Souvlaki captures all the tastes of Greece and so these chicken skewers will not only transport you back to the azure sea and clear skies, but delight your tastebuds!
10 chicken breasts, skin removed 60ml olive oil the juice of one lemon 1 clove garlic, minced 30ml dried oregano salt and pepper 10-24 wooden skewers
Cut each chicken breast into 3 equal sized pieces. Add the chicken and all the ingredients to a mixing bowl and rub everything together with you hands so that the chicken gets coated with it. Cover the bowl with plastic wrap and refrigerate for at least an hour (you may leave it overnight).
Cut the wooden skewers to fit inside your griddle pan. Now thread 4-5 pieces of chicken onto a skewer. Lay it flat on a work surface and push another skewer through all the pieces of chicken so that you have to parallel skewers. Place a griddle pan on high heat and wait for it to warm up. Cook the chicken for 8-10 minutes, turning 2/3 times during cooking. You may add a few splashes of olive oil if you think the pan needs it. Serve warm or at room temperature with plenty of lemon on the side.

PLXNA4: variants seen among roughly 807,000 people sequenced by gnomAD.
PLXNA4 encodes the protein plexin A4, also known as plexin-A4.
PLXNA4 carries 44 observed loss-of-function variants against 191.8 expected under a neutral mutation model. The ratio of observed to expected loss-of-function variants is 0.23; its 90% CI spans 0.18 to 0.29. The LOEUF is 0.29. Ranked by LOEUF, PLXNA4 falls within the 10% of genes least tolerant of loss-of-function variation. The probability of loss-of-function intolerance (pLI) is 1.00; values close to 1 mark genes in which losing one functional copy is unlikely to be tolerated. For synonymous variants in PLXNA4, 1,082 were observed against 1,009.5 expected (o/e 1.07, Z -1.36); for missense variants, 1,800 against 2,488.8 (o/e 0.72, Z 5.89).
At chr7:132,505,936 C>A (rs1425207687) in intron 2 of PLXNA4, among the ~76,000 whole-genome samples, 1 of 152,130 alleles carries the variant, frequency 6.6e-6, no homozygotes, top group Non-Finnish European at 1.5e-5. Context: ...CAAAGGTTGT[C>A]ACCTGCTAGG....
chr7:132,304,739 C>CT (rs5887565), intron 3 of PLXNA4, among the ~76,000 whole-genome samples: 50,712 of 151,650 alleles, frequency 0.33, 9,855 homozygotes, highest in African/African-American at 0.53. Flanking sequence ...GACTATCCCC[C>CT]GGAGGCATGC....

Greek Sofrito is originally from the island of Corfu. It is a hearty and delicious meal of beef cooked in a garlic and vinegar sauce which in turn produces a fork-tender beef stew that literally melts in one’s mouth. This is a very traditional version and a staple food in every household …. I do hope you give it a try!
1kg beef shank, cut into chunks 125ml flour 30ml butter 80ml olive oil 8 cloves of garlic, sliced 80ml white wine vinegar 80ml white wine 450ml beef stock 125ml parsley, roughly chopped salt and pepper fresh lemon wedges